Film screenings, panel discussions, music and tributes are just some of the events planned as part of the ninth annual Gordon Parks Celebration of Culture and Diversity Friday and Saturday at Fort Scott Community College.
Gordon Parks Museum and Center Director Jill Warford said she hopes to draw more interest this week in the two-day celebration, which honors Fort Scott native son Parks, the late photographer, writer, musician and filmmaker. Tickets or fees -- which are still available -- are required for some events and activities, but most will be free to the public.
"Ticket sales are still slow," Warford said. "I'm hoping they pick up this week."
Events are geared toward participants of all ages and varying interests.
"We feel like we've got something for all different ages," Warford said. "We hope people come in and enjoy all the free activities."
Free activities both days of the celebration include the 24th annual Gordon Parks Photography Competition display at the fine arts center and Parks's films that will be shown continuously on big-screen TVs in the Gordon Parks Museum and Center.
With attendance for all weekend activities and events figured in, Warford estimates last year's celebration drew between 500 and 1,000 people, including many out-of-town visitors.
New elements have been added to the museum this year, but they are not yet complete, Warford said. Some of these include electronic touchscreen monitors, a new display case for Parks' various awards, a timeline wall and a replica of Parks' New York apartment.
Those attending celebration will be able to see the development taking place at the center first hand.
"An added element is that we've made great strides in the actual museum," she said.
Warford said popular events at the celebration include "Shared Stories of the Civil War," a presentation on the First Kansas Colored Infantry given by Fort Scott National Historic Site historian William Fischer and a conversation with the Choice of Weapons award honoree, Bobbi Baker Burrows, longtime photo editor at Life magazine.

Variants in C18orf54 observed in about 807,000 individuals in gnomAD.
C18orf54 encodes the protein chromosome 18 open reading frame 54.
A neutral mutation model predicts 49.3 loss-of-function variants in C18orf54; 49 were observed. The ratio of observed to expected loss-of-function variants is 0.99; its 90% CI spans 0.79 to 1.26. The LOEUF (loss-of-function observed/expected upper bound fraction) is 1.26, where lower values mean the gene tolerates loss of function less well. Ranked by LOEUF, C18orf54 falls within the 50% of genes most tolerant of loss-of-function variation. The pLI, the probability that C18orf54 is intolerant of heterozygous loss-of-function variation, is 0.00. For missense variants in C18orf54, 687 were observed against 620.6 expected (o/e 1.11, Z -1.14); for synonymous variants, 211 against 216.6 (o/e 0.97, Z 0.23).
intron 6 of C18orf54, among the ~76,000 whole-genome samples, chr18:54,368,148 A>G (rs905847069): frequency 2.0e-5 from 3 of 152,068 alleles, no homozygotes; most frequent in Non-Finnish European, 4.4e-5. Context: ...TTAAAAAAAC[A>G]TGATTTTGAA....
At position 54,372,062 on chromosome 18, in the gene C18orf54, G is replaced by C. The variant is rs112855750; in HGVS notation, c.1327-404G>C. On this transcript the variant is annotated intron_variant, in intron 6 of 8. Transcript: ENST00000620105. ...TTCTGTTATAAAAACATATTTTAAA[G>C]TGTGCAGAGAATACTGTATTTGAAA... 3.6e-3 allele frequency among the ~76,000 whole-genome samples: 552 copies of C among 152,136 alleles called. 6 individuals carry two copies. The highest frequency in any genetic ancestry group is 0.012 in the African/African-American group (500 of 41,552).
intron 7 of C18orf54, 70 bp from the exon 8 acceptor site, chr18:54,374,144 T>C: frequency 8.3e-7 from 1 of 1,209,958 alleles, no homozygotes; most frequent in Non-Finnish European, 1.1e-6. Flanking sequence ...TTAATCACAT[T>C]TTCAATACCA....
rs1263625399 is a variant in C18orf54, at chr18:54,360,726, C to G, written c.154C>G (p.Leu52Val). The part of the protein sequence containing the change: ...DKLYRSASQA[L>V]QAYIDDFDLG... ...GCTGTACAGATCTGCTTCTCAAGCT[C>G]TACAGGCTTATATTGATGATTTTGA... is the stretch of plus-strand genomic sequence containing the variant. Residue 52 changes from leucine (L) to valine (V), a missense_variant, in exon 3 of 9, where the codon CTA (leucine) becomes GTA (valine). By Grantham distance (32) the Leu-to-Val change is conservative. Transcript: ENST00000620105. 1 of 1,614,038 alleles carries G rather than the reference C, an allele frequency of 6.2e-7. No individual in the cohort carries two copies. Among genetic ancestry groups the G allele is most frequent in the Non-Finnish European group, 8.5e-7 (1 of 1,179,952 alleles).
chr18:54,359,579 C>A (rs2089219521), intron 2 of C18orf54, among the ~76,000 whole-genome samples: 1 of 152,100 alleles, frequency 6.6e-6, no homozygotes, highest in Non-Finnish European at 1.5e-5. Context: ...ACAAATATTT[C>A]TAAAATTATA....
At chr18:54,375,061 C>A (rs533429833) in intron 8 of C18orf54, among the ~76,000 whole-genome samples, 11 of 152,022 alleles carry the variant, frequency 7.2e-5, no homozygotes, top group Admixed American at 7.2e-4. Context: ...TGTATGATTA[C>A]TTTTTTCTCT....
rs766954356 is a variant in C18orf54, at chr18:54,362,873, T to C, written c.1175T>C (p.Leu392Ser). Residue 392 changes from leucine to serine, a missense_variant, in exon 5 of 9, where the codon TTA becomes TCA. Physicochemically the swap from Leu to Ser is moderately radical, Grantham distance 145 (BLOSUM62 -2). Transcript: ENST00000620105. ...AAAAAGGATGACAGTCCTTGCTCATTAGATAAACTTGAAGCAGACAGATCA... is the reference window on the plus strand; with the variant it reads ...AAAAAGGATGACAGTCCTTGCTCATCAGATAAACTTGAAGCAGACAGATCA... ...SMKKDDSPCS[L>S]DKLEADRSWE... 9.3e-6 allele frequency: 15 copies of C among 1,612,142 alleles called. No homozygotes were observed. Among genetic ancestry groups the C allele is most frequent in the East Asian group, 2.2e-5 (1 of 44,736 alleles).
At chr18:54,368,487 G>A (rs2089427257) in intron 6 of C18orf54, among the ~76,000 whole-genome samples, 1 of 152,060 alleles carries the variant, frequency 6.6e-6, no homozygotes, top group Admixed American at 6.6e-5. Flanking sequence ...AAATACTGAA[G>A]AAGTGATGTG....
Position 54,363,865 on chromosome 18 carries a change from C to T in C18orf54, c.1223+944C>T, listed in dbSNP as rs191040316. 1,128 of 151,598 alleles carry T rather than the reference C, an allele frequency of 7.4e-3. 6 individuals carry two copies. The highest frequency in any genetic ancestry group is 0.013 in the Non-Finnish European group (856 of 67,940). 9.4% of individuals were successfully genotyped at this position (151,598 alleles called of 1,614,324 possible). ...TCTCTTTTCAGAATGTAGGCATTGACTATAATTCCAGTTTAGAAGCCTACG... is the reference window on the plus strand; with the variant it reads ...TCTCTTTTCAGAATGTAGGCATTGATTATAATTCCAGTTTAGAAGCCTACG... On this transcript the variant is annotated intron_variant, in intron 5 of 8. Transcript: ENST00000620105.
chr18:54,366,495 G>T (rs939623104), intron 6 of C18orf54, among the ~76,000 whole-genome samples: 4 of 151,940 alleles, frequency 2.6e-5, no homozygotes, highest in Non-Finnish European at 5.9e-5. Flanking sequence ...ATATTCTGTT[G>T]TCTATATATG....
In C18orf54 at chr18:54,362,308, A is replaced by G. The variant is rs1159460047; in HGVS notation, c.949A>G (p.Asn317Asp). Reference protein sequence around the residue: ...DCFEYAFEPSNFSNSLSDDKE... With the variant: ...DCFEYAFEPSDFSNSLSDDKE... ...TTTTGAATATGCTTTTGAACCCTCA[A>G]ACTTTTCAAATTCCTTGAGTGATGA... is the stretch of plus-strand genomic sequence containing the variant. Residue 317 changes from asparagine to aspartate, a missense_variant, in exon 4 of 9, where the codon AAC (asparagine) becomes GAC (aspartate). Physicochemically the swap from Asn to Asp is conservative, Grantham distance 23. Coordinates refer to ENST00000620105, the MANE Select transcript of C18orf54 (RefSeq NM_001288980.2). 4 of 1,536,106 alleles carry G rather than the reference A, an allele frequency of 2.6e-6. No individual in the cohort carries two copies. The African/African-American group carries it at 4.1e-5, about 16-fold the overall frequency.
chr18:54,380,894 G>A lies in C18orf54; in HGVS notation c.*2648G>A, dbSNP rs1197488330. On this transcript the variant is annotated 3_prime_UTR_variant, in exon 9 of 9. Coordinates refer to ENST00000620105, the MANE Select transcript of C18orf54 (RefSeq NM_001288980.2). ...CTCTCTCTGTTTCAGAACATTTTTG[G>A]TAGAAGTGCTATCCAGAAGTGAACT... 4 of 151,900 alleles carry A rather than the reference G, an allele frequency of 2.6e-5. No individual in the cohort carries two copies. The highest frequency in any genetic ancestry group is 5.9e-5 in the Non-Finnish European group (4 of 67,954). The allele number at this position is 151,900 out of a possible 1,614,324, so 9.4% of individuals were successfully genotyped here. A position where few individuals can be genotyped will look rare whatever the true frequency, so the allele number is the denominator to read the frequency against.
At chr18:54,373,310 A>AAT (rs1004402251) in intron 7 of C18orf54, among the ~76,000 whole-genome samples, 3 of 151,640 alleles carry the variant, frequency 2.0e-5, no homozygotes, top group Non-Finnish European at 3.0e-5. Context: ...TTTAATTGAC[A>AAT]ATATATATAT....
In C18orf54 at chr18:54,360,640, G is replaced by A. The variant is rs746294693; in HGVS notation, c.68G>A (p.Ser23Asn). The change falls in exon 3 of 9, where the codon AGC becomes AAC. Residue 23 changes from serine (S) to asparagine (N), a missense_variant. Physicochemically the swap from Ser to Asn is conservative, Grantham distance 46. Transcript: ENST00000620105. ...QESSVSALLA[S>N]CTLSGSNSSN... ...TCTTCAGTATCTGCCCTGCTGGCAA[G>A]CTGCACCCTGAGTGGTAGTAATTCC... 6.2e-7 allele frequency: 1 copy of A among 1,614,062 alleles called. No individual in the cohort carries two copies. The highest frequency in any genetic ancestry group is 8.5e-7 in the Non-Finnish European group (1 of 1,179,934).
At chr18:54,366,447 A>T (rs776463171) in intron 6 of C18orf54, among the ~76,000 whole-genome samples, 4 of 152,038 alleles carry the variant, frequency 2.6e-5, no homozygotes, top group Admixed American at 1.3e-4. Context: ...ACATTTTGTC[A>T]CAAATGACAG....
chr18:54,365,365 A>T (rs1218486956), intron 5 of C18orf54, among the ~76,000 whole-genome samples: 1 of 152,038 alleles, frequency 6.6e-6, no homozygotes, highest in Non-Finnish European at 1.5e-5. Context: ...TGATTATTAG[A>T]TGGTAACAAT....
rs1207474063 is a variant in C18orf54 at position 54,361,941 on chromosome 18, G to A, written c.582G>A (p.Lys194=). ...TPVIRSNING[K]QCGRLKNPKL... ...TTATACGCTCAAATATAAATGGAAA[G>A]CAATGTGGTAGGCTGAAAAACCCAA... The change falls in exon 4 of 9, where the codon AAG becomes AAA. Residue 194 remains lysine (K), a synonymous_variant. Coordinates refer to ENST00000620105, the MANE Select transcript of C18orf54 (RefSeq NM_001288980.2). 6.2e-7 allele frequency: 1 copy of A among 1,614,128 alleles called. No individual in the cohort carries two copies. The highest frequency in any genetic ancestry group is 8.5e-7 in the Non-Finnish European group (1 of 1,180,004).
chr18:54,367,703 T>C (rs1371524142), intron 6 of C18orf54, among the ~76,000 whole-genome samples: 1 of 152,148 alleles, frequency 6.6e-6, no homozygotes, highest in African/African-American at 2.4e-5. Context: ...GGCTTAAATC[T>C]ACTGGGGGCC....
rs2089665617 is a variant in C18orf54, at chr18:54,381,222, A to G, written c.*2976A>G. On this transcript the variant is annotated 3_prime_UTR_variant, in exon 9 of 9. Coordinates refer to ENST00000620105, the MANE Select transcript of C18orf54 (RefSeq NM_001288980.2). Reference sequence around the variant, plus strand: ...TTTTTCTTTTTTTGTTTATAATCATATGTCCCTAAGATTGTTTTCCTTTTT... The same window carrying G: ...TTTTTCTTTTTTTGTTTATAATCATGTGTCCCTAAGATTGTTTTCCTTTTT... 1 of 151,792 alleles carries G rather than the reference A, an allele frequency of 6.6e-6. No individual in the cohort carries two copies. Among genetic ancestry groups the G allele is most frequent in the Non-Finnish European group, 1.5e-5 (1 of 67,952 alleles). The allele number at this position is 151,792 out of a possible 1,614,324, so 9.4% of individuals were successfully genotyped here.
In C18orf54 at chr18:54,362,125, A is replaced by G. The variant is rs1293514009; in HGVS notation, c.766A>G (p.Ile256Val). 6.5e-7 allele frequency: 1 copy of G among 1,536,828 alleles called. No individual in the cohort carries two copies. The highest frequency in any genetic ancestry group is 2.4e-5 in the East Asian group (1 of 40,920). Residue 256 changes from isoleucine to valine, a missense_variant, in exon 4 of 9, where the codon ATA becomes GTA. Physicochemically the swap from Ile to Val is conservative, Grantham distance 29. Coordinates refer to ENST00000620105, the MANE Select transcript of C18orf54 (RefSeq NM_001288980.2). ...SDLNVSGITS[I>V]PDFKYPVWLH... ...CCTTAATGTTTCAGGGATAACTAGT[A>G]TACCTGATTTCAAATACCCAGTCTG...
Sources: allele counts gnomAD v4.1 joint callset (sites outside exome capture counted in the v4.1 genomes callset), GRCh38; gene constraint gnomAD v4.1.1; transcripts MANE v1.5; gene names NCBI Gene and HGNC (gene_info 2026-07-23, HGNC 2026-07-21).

A special free event this year, set for 1:15-2:45 p.m. Saturday at the Gordon Parks Museum and Center, is a panel discussion titled "1912-2012: The Legacy of Gordon Parks," which will examine Parks' legacy. Parks' son, David Parks, and daughter, Toni Parks, are two of the panelists.
Parks would have turned 100 on Nov. 30, when Warford said she hopes the project at the museum will be complete. "I think the biggest tribute is getting the museum done; everything we're adding," Warford said. "To me, that's the biggest tribute to Gordon, getting that finished so people can come in and learn more about his life ... We've added so many elements this year to the museum. I think unveiling that at the celebration will be a pretty big event for us."
Tickets are still
available for ...
A complete schedule of events is available at http://www.gordonparkscenter.org/.
"Pizza for Poets," luncheon at 1 p.m. Thursday, Ellis Fine Arts Center, 2108 S. Horton.
"Blues & BBQ" dinner concert with the Terry Quiett Band, 7 p.m. Friday, Liberty Theatre, 113 S. Main.
"Poet's Feaste," winners of the high school poetry and essay contest sponsored by the Bourbon County Arts Council, 11:45 a.m. to 1 p.m. Friday.
"Who is the Next Gordon Parks?" 9-11:45 a.m. For kids 8-12; fee is $12 per child and includes a T-shirt and lunch, Ellis Fine Arts Center.
Celebration Tribute Dinner, 7 p.m. Saturday, fine arts center, 2108 S. Horton.